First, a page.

Images a dad can’t forget

When our country is attacked, it’s hard to find words with the capacity to rationalize, comfort or heal. It’s difficult to speak when you’ve been punched in the gut.

On Sept. 11, 2001, I was awakened by a call from the newsroom, telling me I needed to come to work immediately. I had the day off because I had my wisdom teeth cut out on Sept. 10 and then spent hours in the emergency room after fainting at dinner. I’d been looking forward to a leisurely Sept. 11. Unfortunately, any day that the first words out of your mouth are “What attack?” is unlikely to be peaceful.

I wound up working most of the day with a mouthful of bloody gauze. I had to sort through hundreds of horrific images as we put together that day’s “extra” edition of the Ledger-Enquirer and the next day’s paper.

When I got home that night, I joined the millions glued to their TVs. I held my then 18-month-old son, Saylor, and wondered in what kind of America would he grow up. I worried about war, never imagining that it would last 20 years, cost thousands of lives and result in our negotiating peace deals with the Taliban. I’m pretty sure that wasn’t the original plan.

There was footage of the Congress, united if only for a moment, singing “God Bless America.” It was uplifting and disturbing all at once as the lawmakers endeavored to appear determined and resolute but struck me as more apprehensive and fearful.

When they finished singing, Saylor smiled and clapped. He didn’t know terrorists attacked his country. He didn’t know war loomed. He just knew they were singing, and he liked it. He was blissfully unaware. The image of that toddler smiling and clapping on Sept. 11 will stay with me forever.

(See 2001 column: America will sing again)

Terrorists attacked America again last week. I suspect you’ve heard about it. The whole world heard about it. The first phone call I received about it came from the other side of the Atlantic, 4,000 miles away. It was Saylor.

He’s been attending a university in Scotland for the past two and a half years. He’s a political junkie, even studying political science. He just might be a little too interested in politics, but he is definitely not blissfully unaware of what’s happening in the world anymore.

Because of the pandemic, I haven’t seen him in person in over a year. He was supposed to be home for the summer and for Christmas. Thankfully, technology allows us to communicate in ways I could barely imagine 20 years ago. With FaceTime, I can see him clearly, and we can speak with the words traveling 4,000 miles almost instantaneously. I have much slower conversations with some folks face-to-face.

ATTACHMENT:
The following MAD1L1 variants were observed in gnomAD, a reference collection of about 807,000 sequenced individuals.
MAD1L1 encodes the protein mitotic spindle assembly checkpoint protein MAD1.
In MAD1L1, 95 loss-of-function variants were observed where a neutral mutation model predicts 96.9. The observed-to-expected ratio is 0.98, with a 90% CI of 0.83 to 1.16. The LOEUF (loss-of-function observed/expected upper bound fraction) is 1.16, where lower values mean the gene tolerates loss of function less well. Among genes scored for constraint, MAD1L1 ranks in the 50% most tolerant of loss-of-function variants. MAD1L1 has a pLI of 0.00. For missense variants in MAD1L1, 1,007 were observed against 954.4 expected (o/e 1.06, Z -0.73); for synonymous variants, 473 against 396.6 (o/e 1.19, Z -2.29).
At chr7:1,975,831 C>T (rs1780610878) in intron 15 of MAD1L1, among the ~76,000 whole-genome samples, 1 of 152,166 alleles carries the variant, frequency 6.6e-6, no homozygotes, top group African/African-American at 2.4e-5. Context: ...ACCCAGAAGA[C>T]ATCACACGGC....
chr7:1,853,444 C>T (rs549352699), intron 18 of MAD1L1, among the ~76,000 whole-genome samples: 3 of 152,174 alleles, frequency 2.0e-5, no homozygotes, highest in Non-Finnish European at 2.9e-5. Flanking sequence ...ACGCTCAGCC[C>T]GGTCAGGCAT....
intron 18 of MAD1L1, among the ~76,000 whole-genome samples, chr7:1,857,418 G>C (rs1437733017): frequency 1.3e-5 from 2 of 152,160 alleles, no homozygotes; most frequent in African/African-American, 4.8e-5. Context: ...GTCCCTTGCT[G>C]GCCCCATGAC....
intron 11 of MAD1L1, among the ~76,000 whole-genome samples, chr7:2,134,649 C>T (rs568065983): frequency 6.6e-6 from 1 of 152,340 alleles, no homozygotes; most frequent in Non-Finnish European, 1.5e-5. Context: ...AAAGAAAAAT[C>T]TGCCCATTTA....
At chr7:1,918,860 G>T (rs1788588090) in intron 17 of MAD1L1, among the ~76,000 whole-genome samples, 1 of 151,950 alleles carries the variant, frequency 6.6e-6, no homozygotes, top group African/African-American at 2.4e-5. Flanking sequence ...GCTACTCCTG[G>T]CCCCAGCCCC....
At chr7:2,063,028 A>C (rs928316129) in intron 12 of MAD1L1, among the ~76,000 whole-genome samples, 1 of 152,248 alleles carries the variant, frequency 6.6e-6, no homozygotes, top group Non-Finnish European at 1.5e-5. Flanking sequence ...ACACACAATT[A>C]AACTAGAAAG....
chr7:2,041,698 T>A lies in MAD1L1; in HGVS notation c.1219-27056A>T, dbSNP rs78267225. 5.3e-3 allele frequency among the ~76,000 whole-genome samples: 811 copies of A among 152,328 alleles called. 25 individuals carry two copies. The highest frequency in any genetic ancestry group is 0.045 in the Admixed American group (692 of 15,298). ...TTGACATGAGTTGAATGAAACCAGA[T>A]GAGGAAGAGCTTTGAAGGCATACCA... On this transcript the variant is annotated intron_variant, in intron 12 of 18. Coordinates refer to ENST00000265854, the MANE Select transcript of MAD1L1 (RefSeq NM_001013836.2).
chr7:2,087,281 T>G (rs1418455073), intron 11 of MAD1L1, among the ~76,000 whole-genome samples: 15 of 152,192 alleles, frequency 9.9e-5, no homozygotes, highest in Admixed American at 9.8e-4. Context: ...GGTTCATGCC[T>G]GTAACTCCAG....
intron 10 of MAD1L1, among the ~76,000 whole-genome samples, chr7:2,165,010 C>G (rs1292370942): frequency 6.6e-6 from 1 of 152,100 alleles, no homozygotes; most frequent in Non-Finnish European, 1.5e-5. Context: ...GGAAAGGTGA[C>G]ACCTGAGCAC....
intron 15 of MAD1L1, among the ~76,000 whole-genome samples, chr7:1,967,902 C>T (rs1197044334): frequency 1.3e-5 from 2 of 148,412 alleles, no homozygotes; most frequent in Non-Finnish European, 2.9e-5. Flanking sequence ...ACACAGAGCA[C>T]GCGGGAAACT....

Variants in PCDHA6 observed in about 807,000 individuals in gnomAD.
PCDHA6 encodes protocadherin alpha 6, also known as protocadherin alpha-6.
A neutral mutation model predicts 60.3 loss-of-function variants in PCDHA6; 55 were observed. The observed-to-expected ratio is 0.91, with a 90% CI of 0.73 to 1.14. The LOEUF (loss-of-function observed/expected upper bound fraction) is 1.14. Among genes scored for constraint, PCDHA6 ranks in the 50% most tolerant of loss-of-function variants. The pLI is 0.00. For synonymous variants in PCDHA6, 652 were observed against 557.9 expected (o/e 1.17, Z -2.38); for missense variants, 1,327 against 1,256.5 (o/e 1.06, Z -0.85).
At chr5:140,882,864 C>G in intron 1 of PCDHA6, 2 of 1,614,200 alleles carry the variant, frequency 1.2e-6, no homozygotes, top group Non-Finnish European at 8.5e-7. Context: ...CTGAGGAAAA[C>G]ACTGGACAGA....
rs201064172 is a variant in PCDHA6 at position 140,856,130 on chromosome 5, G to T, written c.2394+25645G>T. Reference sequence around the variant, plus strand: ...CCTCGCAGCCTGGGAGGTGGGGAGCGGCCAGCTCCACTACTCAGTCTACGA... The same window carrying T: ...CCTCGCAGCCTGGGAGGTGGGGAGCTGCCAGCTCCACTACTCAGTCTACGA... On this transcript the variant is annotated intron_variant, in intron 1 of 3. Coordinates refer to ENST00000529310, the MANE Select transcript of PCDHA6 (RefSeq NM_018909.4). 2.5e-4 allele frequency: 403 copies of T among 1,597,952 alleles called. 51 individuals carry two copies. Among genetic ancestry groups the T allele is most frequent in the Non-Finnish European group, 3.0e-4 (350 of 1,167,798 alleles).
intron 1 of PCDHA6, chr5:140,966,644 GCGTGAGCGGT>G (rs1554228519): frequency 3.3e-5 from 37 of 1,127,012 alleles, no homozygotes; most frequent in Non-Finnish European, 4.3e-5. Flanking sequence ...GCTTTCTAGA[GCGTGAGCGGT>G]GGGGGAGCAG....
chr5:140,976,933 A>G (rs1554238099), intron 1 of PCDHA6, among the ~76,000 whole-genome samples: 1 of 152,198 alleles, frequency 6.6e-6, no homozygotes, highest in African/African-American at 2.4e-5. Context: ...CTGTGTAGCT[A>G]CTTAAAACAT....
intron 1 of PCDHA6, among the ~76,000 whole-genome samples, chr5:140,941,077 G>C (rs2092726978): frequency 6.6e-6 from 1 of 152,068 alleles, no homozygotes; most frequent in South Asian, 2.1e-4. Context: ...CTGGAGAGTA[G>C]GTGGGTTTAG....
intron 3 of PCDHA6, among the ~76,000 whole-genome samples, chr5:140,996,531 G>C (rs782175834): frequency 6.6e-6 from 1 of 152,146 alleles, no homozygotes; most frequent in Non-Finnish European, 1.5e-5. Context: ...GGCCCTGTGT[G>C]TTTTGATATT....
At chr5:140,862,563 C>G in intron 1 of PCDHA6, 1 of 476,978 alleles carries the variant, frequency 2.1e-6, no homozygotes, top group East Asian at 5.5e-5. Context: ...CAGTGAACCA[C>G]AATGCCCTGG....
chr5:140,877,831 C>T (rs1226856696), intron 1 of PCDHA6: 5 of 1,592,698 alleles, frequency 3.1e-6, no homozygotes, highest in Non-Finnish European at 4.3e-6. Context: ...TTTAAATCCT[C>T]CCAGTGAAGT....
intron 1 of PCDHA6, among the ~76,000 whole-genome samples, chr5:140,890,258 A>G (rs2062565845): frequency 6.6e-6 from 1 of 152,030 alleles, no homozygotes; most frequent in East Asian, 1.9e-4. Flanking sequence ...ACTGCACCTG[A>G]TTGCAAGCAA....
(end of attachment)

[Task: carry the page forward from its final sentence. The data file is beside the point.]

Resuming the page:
Like the rest of the world, he was watching in disbelief as thousands of cultists stormed the Capitol, rampaging like lunatics — their version of a “protest,” though most protests spring from things that actually happened, not parroted delusions about “rigged” elections.

His face was white. They don’t get a lot of sun in Scotland, so he’s not exactly a tan lad anyway, but his face was pale with horror. Since he was a jabbering baby, he has never been at a loss for words. He didn’t know what to say beyond “Are you watching this?” In the background of his room, I heard the same news coverage that was on my television.

“I’m afraid so.”

We at last found enough words to talk about who was responsible and what might happen next. At the moment, I feared for our very democracy. As some pandering and complicit enablers began to jump off the train in the ensuing couple of post-riot days, I felt a little better, but now I worry some folks who fell down the cliff of cultism may be lost forever — and ready to strike in smaller packs of crazy and as lone wolves. That likely will be far more dangerous than the lunatics who stormed the Capitol.

I hope my next conversation with him is not as fretful. I hope I’m not seeing his reaction to another attack. I hope I’m not seeing his eyes reflect the horror inflicted by a little militia group’s strike on politicians, another mob readying the gallows again or an insane act by a single Qanoner who storms pizza joints to stop Satan-worshiping Democrats from eating children in the basement. I’ve seen enough of fools hyped up on propaganda and conspiracy theories to the point of never being capable of reasoning again, thank you.

The images of that clapping toddler in 2001 and that fearful 20-year-old of last week haunt me — and, yet, I treasure them. There’s value in seeing tragedies through someone else’s eyes.

For me, I always will see these tragedies in someone else’s eyes.

 

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